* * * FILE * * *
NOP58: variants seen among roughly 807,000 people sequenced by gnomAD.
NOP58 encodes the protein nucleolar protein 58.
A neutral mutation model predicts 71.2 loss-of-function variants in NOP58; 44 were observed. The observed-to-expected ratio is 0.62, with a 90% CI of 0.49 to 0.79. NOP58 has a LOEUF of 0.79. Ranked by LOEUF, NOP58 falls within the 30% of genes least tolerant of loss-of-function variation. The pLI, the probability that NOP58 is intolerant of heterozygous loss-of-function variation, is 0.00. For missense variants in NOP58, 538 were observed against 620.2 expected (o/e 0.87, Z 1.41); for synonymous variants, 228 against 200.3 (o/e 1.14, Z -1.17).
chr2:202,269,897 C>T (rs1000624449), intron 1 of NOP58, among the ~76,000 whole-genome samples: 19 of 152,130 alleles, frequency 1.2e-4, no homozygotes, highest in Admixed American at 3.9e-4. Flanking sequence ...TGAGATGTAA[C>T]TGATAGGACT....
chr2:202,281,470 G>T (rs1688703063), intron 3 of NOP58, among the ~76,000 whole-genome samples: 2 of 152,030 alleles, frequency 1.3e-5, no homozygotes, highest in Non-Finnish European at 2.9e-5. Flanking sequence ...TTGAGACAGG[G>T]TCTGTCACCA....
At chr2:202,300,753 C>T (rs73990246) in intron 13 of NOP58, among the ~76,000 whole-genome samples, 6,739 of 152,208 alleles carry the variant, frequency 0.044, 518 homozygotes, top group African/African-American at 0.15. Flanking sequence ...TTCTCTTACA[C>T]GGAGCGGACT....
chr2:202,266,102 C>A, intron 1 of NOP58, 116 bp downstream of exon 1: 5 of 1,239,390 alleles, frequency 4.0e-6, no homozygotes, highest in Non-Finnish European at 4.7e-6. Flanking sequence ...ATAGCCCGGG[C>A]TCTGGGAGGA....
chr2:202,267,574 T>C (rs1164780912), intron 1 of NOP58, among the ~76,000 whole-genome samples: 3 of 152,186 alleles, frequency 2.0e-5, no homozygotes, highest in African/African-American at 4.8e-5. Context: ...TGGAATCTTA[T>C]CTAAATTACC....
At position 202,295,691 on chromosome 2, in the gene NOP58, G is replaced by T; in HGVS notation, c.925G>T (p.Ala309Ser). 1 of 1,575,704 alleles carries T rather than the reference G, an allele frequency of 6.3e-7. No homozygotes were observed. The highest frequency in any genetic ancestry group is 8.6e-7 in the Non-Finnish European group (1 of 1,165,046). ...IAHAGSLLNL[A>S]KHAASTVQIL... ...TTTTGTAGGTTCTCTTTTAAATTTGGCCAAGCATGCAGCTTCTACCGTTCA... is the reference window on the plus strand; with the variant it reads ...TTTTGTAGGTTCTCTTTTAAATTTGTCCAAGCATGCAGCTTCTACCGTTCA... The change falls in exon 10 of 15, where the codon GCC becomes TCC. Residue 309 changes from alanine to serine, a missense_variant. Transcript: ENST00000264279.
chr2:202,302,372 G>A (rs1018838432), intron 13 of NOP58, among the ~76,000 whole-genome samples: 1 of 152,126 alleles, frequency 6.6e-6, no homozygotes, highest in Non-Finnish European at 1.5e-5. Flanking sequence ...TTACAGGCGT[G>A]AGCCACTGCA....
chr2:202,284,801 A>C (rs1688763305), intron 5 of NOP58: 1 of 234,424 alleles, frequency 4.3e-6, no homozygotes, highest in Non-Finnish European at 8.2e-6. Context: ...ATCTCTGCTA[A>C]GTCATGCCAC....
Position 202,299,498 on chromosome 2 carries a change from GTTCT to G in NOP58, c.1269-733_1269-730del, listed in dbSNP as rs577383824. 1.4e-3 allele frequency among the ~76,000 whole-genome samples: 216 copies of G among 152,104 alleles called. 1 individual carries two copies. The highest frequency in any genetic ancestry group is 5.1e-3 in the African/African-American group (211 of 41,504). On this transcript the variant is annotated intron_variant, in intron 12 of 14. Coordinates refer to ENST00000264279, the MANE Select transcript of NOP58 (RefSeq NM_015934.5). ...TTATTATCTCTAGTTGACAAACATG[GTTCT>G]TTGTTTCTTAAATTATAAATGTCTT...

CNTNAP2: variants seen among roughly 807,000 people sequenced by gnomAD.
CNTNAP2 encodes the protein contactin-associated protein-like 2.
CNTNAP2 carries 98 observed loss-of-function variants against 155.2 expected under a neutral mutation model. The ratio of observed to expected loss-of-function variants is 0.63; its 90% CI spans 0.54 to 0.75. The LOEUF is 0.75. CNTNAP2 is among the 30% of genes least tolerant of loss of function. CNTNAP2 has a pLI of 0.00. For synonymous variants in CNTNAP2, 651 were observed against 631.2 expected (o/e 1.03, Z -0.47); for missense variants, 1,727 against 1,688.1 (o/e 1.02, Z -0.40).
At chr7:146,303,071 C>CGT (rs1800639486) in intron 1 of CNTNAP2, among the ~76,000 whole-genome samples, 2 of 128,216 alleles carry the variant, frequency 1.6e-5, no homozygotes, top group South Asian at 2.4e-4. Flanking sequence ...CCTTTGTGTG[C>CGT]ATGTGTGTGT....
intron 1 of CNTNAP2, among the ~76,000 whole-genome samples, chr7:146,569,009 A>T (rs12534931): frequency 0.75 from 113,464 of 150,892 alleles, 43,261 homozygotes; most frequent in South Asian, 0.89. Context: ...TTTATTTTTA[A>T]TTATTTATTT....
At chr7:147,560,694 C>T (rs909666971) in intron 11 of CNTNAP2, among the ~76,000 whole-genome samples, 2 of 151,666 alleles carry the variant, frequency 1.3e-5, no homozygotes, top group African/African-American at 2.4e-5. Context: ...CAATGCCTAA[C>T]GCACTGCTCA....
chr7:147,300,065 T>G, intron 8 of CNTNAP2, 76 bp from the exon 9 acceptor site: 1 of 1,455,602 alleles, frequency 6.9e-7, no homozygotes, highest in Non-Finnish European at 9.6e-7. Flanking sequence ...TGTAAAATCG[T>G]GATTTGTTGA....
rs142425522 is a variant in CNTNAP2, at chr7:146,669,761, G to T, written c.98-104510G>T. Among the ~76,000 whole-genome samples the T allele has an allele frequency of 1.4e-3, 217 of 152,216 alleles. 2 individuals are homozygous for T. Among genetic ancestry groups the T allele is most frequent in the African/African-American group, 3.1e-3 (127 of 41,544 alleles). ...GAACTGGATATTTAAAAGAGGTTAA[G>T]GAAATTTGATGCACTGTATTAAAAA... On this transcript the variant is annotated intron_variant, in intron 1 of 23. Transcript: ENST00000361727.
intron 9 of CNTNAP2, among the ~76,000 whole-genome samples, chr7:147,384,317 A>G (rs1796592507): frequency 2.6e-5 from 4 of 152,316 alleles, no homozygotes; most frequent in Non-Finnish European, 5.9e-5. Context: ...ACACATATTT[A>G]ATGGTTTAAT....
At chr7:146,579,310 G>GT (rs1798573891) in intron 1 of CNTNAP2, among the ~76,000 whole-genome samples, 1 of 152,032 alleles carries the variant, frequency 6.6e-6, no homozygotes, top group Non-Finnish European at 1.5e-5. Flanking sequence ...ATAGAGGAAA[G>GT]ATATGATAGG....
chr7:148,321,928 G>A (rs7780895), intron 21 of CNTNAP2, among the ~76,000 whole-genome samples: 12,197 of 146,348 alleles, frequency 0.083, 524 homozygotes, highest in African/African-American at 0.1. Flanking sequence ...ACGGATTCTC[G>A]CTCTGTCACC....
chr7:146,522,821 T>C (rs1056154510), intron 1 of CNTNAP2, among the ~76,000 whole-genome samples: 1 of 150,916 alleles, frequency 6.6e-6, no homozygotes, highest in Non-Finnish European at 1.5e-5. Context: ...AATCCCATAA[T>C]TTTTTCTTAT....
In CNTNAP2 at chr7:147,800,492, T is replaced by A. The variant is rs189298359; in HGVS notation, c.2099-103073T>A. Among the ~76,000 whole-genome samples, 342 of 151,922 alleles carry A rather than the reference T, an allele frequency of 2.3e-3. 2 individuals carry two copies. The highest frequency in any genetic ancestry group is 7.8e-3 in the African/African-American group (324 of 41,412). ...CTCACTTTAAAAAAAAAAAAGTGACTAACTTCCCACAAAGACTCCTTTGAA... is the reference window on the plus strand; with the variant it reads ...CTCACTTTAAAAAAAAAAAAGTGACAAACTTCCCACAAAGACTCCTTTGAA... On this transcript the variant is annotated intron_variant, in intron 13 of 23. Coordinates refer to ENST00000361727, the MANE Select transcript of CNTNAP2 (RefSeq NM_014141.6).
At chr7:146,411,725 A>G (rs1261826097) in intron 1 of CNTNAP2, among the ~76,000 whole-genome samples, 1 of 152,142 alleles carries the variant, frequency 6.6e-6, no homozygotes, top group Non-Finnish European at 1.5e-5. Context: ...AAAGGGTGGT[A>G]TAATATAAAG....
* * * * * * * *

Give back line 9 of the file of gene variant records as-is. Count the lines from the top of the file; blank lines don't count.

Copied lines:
At position 202,295,691 on chromosome 2, in the gene NOP58, G is replaced by T; in HGVS notation, c.925G>T (p.Ala309Ser). 1 of 1,575,704 alleles carries T rather than the reference G, an allele frequency of 6.3e-7. No homozygotes were observed. The highest frequency in any genetic ancestry group is 8.6e-7 in the Non-Finnish European group (1 of 1,165,046). ...IAHAGSLLNL[A>S]KHAASTVQIL... ...TTTTGTAGGTTCTCTTTTAAATTTGGCCAAGCATGCAGCTTCTACCGTTCA... is the reference window on the plus strand; with the variant it reads ...TTTTGTAGGTTCTCTTTTAAATTTGTCCAAGCATGCAGCTTCTACCGTTCA... The change falls in exon 10 of 15, where the codon GCC becomes TCC. Residue 309 changes from alanine to serine, a missense_variant. Transcript: ENST00000264279.